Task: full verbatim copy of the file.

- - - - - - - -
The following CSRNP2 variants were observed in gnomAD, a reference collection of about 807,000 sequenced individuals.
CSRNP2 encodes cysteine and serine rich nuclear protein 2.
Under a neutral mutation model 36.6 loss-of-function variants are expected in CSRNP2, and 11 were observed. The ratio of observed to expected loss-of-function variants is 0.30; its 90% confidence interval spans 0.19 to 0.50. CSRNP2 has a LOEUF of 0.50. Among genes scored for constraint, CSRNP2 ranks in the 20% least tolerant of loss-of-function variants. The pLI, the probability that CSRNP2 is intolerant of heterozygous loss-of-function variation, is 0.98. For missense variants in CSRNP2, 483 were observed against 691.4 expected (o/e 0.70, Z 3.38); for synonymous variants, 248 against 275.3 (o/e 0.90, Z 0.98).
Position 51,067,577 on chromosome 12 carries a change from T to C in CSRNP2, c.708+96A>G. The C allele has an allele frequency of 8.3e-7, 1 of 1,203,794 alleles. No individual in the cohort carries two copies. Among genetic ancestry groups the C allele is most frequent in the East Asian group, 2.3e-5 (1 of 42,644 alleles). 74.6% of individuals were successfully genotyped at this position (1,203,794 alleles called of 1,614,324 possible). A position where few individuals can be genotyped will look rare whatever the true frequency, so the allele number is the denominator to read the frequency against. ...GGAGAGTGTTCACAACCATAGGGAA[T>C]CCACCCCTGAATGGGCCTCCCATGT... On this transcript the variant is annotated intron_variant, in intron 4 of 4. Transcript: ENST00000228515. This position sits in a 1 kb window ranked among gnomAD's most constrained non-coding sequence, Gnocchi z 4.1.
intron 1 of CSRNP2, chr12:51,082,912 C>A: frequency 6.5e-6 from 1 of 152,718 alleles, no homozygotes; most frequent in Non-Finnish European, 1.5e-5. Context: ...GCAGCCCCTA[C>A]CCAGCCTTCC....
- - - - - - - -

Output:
The following CSRNP2 variants were observed in gnomAD, a reference collection of about 807,000 sequenced individuals.
CSRNP2 encodes cysteine and serine rich nuclear protein 2.
Under a neutral mutation model 36.6 loss-of-function variants are expected in CSRNP2, and 11 were observed. The ratio of observed to expected loss-of-function variants is 0.30; its 90% confidence interval spans 0.19 to 0.50. CSRNP2 has a LOEUF of 0.50. Among genes scored for constraint, CSRNP2 ranks in the 20% least tolerant of loss-of-function variants. The pLI, the probability that CSRNP2 is intolerant of heterozygous loss-of-function variation, is 0.98. For missense variants in CSRNP2, 483 were observed against 691.4 expected (o/e 0.70, Z 3.38); for synonymous variants, 248 against 275.3 (o/e 0.90, Z 0.98).
Position 51,067,577 on chromosome 12 carries a change from T to C in CSRNP2, c.708+96A>G. The C allele has an allele frequency of 8.3e-7, 1 of 1,203,794 alleles. No individual in the cohort carries two copies. Among genetic ancestry groups the C allele is most frequent in the East Asian group, 2.3e-5 (1 of 42,644 alleles). 74.6% of individuals were successfully genotyped at this position (1,203,794 alleles called of 1,614,324 possible). A position where few individuals can be genotyped will look rare whatever the true frequency, so the allele number is the denominator to read the frequency against. ...GGAGAGTGTTCACAACCATAGGGAA[T>C]CCACCCCTGAATGGGCCTCCCATGT... On this transcript the variant is annotated intron_variant, in intron 4 of 4. Transcript: ENST00000228515. This position sits in a 1 kb window ranked among gnomAD's most constrained non-coding sequence, Gnocchi z 4.1.
intron 1 of CSRNP2, chr12:51,082,912 C>A: frequency 6.5e-6 from 1 of 152,718 alleles, no homozygotes; most frequent in Non-Finnish European, 1.5e-5. Context: ...GCAGCCCCTA[C>A]CCAGCCTTCC....